Sarah Buckmaster

Sarah Buckmaster

Within a few hours of moving into the artist residency at Spotted Goat Cottage on the Long Beach Peninsula, Sarah Buckmaster said she was already looking at the water and feeling the inspiration.

She is one of two authors spending a week each in the North Coast Writer’s Residency, which was developed collaboratively by the Astoria Writer’s Guild and Astoria Visual Arts, this summer. The authors will use the isolation and inspiration of the residency on their respective writing projects.

Buckmaster is first. Following her is Deborah L. Williams, who will stay at the residency in August. Williams will read her work in progress at 6 p.m. Aug. 18 at Astoria Visual Arts.

Buckmaster is no stranger to the area. In 2016, she moved here from the United Kingdom to work in communication for an international nonprofit. What was supposed to be a couple-month stayed was extended after she fell in love with the area.

Buckmaster went home to U.K. for a while to care for family because of the coronavirus pandemic. While there, she took evaluated her priorities and what she wanted. She decided to slow down a little on her work and take time to write her own personal projects.

During her time at the writer’s residency, she will be working on her first novel, which tells the story of a dystopian future where depression is believed to be contagious. In the novel, anyone who shows any signs of unhappiness is sent to a government camp, Buckmaster said.

Buckmaster said she’s been wanting to write this novel since the idea came to her about 10 years ago and while she’s worked on it, it’s time to focus, flesh out the story and round off her first draft.

“I’ve always been interested in the idea of mental health,” she said.

A lot of people don’t realize how complex mental health issues can be, she said. The story poses the question about a world where “toxic positivity is taken too far,” Buckmaster said.

Even if nothing happens with the book, Buckmaster said she is glad she is getting the chance to write it.

“I feel this story needs to be written,” she said.

Deborah L. Williams

Deborah L. Williams

She looks forward to living among writers, as a writer instead of an observer, and taking the chance to soak in that creativity and environment.

Buckmaster reads her work aloud last Saturday at Astoria Visual Arts. It was the first time she read any part of the novel out loud to a live audience. It’s nerve-wracking, she said, to share something personal with an audience.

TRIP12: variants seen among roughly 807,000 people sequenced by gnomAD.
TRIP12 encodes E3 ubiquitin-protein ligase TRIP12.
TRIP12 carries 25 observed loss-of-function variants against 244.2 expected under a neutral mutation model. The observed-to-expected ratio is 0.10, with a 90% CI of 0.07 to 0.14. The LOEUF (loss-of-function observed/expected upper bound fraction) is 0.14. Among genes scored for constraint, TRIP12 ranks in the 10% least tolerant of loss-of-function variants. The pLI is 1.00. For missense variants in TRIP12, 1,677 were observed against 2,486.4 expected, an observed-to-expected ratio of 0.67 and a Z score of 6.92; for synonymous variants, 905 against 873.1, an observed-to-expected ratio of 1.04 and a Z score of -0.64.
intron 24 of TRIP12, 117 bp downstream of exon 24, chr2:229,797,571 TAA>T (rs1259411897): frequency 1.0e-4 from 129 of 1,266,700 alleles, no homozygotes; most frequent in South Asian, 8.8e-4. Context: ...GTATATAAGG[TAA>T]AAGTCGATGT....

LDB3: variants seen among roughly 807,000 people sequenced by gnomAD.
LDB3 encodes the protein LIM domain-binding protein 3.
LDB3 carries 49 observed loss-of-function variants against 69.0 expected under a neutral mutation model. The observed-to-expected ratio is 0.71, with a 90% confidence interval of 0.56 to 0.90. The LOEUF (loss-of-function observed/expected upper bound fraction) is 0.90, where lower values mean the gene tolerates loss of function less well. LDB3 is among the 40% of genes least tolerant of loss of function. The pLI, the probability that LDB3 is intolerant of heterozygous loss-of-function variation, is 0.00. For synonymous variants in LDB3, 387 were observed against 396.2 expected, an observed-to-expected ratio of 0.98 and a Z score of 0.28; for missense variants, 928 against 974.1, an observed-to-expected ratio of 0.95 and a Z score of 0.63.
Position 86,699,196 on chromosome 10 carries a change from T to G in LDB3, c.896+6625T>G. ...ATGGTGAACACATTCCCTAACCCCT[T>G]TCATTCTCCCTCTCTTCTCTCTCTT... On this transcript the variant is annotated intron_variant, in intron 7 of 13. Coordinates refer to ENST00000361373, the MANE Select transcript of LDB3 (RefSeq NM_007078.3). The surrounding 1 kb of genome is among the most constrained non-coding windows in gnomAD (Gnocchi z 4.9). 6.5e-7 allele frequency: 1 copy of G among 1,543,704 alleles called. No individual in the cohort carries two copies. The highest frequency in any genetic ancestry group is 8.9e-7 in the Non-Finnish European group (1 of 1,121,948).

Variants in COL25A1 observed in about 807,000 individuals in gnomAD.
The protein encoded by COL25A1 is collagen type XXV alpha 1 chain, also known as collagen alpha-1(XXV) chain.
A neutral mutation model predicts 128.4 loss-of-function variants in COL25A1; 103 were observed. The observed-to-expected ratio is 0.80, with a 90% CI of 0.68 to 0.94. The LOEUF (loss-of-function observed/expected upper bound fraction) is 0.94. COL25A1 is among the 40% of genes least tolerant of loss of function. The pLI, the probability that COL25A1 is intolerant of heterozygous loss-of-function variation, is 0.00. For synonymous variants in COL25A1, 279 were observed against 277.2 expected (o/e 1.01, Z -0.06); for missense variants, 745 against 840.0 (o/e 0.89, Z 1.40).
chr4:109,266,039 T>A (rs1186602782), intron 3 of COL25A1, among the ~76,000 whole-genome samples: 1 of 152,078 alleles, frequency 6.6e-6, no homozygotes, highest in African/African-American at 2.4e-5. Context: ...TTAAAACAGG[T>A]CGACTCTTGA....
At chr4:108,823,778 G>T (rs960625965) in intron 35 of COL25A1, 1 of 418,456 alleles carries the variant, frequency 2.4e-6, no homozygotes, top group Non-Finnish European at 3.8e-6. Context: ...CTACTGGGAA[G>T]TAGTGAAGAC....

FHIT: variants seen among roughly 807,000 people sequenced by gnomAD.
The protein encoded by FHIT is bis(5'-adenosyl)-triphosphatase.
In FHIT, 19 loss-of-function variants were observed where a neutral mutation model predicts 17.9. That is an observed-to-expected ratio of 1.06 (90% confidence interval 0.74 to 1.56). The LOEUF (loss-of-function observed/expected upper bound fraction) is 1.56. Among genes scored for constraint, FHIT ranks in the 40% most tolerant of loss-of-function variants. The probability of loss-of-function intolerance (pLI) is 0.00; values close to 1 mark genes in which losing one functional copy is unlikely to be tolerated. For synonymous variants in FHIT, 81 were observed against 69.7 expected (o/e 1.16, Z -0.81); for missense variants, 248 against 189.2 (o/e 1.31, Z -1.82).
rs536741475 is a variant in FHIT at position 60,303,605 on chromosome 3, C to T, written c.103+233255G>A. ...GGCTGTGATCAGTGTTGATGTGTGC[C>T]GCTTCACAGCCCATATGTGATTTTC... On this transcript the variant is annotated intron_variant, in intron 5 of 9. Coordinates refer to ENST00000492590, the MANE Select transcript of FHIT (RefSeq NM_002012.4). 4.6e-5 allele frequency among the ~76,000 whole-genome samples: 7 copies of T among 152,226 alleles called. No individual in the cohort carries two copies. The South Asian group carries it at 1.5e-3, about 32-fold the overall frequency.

Writing is always something Buckmaster has been drawn to. She said when she was a kid, she would find comfort and safety in the books she was reading.

“There is a comfort in an imaginary world where you can explore and just be yourself,” she said.

She hopes as a writer to create that same sort of safe space for a reader.

“I want to offer people what I felt writers offered me when I was young,” she said.

Williams, a professor of literature at New York University Abu Dhabi, has never been to the Long Beach Peninsula or Astoria area before.

She said she applied for the residency because she wants to discover a new part of the world that is doing so much good in the world of the arts.

Venturing to parts unknown also aligns itself well to the topic of her novel, which is a historical fiction piece about Hester Stanhope, who fled England in 1809 searching for alternatives to her life as a poor aristocrat. She went on what she thought was a vacation to the Lebanon area and never returned home, Williams said. This is a woman who went on great adventures and explored parts of the world and did exciting things in a time when most women were not doing anything of the sort, Williams said. Stanhope did many things that sound like fiction, but the best part about all of it is that it’s all true, she said.

In reading about her, Williams became fascinated by Stanhope and decided to turn her story into a novel.

The idea of what it means to be a woman and have ambition is still something very relevant in the year 2021, so long after Stanhope lived in the early 1800s, Williams said.

Williams has gone through several versions of the novel but hopes to finish one final overhaul of the novel during her residency.

This is hardly Williams’ first foray into writing.

“I’ve written stories since I could write letters,” she said.

She’s a literature professor by training, has written a blog and is an essayist. She loves all forms of writing but said she’s happy to come back to fiction now.

Her life in Abu Dhabi, where she’s been for 10 years, also sort of aligns with Stanhope’s life, she said. She and her husband, a fellow professor, moved to Abu Dhabi with their young children on what they thought would be a one-year adventure. Now, it’s been a decade. She finds the school exciting because in class there are people from all different backgrounds all learning and talking together.

“The students come from literally all over the world,” she said.

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